Sunday, April 14, 2013

Museum of conflicts takes shape in communally-sensitive Ahmedabad to usher in era of interaction

Gool Lodge
By Our Representative
In a move without any precedence in India, Ahmedabad has hosted a Museum of Conflicts, Conflictorium. Opened on April 14, three voluntary organizations, working on human rights issues, Center for Social Justice, Janvikas and Navsarjan, have come together to launch it in Gool Lodge, Mirzapur. Inspired by top Turkish Nobel laureate novelist Orhan Pamuk, who faced persecution at the hands of right-wing nationalists, Conflictorium seeks in some way to follow Museum of Innocence, established by him in Istanbul in 2012, where a collection evocative of everyday life and culture of Istanbul during the period of his novel “Museum of Innocence” (1970s) has been displayed.
Delivering her keynote address at the inaugural function of Conflictorium, Dr Syeda Hameed, member, Planning Commission, said, "Conflictorium for the first time presented the concept of conflict to the society, particularly in Gujarat, that has been witness to repeated conflicts. Probably, the concept is unique in its own way, as it gives hope of peace through conflicts, and also strength to people to apologize for their mistakes."   
Museum of Innocence
The idea of Conflictorium has also been drawn from Nina Simon, director of the Museum of Art and History in Santa Cruz, California, US, who has evolved the concept of “participatory museum”. It favours using potential for participatory techniques in establishing museums, going beyond what Boston Children’s Museum, called “Exploratorium”, does – interactive engagement as the fundamental vehicle to promote visitor learning, recreation, and exploration. 
Simon’s idea is to make museums into places where people discuss the objects on display with friends and strangers, sharing diverse stories and interpretations, where the final result may not resemble today’s museums, but may look more like a coffee shop or a community arts centre.
Housed in the 90-year-old Parsi building, donated by Bachuben Nagarwala, Gool Lodge used to be her two-storey home and studio. This is where Bachuben practiced as Ahmedabad’s first hair stylist. Named named after Bachuben’s mother Gool, Gool Lodge has been newly restored to set up Confictorium in order to “create a space for dialogue through art between communities” in Ahmedabad. 
Pointing out why the museum has been called Conflictorium, an introduction on it says, “Despite post-independence India’s near-continuous history of conflict, rioting and violence, the general attitude is that of ‘moving on’ and not dwelling on the painful experience of the past.” 
Inside Gool Lodge
Seen in the context of Gujarat, it says that the state “has harnessed a culture of silence over the years and takes pride in this characteristic” and “there is a need to break this illusion and bring to the forefront the legacy of conflict as an objective reality such that an envisioning of a peaceful society can be undertaken.” It adds, “Silence needs to be replaced by conversation and constructive reasoning. To establish connections between unresolved conflict and a damaged societal fabric is necessary. The construction of an open and creative space is needed that enables people to share and own conflict.”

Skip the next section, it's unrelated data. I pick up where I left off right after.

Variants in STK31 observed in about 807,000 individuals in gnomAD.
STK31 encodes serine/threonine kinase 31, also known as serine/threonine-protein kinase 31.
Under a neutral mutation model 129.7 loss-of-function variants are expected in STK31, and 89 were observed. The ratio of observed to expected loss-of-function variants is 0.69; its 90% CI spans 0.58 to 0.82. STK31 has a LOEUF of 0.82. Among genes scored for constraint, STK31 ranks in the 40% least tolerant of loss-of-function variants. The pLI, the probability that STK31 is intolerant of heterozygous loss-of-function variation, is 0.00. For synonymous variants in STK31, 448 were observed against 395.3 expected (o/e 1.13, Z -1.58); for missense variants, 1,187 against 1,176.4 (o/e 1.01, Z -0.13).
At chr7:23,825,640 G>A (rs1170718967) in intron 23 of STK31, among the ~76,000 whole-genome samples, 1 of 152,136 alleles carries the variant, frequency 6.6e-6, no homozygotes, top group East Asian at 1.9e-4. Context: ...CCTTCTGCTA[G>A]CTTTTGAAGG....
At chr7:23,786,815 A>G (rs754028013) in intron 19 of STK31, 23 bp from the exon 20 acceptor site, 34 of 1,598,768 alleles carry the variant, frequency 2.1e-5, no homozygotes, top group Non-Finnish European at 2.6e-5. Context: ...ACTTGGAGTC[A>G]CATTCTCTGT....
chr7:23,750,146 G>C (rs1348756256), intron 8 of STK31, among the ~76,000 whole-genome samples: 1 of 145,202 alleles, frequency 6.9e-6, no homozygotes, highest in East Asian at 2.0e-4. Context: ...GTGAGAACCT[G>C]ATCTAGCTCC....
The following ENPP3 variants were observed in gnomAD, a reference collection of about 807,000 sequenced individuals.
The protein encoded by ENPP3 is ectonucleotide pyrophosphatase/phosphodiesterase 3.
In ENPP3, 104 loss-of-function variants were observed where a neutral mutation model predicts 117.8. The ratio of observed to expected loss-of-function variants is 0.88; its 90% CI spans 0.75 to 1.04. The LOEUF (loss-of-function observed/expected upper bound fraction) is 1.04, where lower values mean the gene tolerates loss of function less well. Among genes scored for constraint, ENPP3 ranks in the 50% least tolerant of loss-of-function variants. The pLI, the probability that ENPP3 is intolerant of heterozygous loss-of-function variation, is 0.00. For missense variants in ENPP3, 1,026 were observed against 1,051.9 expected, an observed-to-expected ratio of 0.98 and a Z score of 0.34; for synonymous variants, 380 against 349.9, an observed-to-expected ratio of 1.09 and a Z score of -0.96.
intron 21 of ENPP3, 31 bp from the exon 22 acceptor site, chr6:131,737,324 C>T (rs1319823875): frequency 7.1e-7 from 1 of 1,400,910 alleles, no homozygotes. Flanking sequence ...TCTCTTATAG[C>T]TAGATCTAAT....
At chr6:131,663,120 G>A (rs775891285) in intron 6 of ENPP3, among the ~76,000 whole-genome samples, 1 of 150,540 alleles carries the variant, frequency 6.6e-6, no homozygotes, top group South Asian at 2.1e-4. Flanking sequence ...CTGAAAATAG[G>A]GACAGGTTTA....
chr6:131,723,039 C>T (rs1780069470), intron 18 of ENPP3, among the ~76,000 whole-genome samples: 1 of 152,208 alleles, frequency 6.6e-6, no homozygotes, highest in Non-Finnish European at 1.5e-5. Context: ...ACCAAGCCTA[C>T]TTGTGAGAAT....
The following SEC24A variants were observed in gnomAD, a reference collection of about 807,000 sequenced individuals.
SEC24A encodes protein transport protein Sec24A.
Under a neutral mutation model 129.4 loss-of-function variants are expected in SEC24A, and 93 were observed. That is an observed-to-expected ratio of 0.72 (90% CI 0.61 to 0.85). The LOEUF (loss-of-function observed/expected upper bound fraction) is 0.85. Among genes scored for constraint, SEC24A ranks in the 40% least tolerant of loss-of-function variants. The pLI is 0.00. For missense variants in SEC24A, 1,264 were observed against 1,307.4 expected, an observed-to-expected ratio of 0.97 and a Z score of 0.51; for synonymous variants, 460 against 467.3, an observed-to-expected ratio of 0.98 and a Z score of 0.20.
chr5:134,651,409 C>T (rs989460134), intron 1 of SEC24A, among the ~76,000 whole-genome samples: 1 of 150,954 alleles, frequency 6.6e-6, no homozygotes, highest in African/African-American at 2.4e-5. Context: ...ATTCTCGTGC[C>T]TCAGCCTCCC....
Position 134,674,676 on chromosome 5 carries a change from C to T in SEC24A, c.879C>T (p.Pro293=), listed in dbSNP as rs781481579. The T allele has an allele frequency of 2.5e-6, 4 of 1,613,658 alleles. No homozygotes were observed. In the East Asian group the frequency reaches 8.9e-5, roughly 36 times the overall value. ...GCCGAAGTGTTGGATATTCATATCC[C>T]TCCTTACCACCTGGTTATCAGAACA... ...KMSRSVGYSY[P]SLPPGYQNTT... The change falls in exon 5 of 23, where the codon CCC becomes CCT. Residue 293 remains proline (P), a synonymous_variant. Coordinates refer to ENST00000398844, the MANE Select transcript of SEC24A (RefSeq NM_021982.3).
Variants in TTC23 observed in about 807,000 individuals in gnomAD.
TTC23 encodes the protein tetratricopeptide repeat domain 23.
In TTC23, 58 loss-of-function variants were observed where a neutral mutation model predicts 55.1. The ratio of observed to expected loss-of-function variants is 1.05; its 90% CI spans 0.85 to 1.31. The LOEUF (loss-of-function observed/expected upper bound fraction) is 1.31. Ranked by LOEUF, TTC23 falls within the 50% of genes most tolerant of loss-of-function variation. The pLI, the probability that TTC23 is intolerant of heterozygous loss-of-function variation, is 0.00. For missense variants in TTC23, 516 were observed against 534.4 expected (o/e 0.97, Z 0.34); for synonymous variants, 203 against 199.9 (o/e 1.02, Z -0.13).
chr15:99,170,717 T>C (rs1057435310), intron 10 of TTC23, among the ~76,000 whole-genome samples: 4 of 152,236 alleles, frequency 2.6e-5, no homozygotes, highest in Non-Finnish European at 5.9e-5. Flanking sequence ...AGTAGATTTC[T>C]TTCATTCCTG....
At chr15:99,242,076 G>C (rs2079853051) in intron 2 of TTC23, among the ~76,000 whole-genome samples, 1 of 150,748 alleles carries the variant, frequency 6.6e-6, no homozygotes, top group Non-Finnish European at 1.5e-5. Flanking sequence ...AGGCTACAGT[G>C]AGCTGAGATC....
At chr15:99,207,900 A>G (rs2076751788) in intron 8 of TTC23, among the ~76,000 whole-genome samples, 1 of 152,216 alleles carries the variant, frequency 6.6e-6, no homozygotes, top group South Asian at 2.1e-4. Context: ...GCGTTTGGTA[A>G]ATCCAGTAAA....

The organizers consider Gool Logde as a space with an opportunity to initiate a dialogue on a day-to-day basis. “It would have intricate and the personal recalls of conflicts that rise from evolving definitions of something as personal and subjective as beauty”, to quote from the introduction. It has a café that is “spread over three areas and has three identities, starting with their names -- the Corridor Cafe, the Third Side Cafe and the Triangle Café.”  
Legacy of Bachuben Nagarwala on display
It adds, “Conflictorium offers a room, spatial as well as mental, that is conducive to talking; to establishing a rhythm of listening and speaking; to movement of one perception towards acceptance of the other.” Says one of its organisers, “We intend, to extend the idea of a ‘keep talking space’ to other physical spaces. We have a designated design team that can convert any space into a keep talking space, be it a backyard in your home, a lounge in your office, or a parking lot of in your society.”
Located opposite RC Technical College, between Sai Temple and Chalte Pir ki Durgah, on way from the Church towards Delhi Darwaza, Mirzapur, Conflictorium has decided to offer museum internship to college students, recent graduates, and graduate students interested in the concept of participatory museum. “Unpaid internships are available in the education, film, and curatorial departments on a full- or part-time basis. Specific duties depend upon the needs of the department”, says the introduction.
There would be a museum store which would offer a wide variety of merchandise unique to Conflictorium. Artist Avni Sethi has put up one of the museum’s permanent exhibits that talks about the legacy of the building and the life of Bachuben Nagarwala, who donated the building. 
In memory of Vali Gujarati
Even before the formal inauguration, Conflictorium held several activities, including an intimate storytelling session with the children in the neighborhood using puppetry as the medium. 
Three talented puppeteers, Nayan Bhil, Mehul Solanki and Maulik Nayak, took up the task of meeting the children, collecting their stories, weaving them together into one comprehensive story, crafting puppets and performing. 
Then, Dhruv Sangari, a musician, paid tribute to Urdu poet Wali Gujarati (1667-1707), a pioneer of Urdu literature and ghazalkar who adopted Gujarat as his home. The event took place on March 1, 2013 as on this date 11 years ago Wali Gujarati’s tomb was razed to ground and tarred overnight during the communal riots of 2002.

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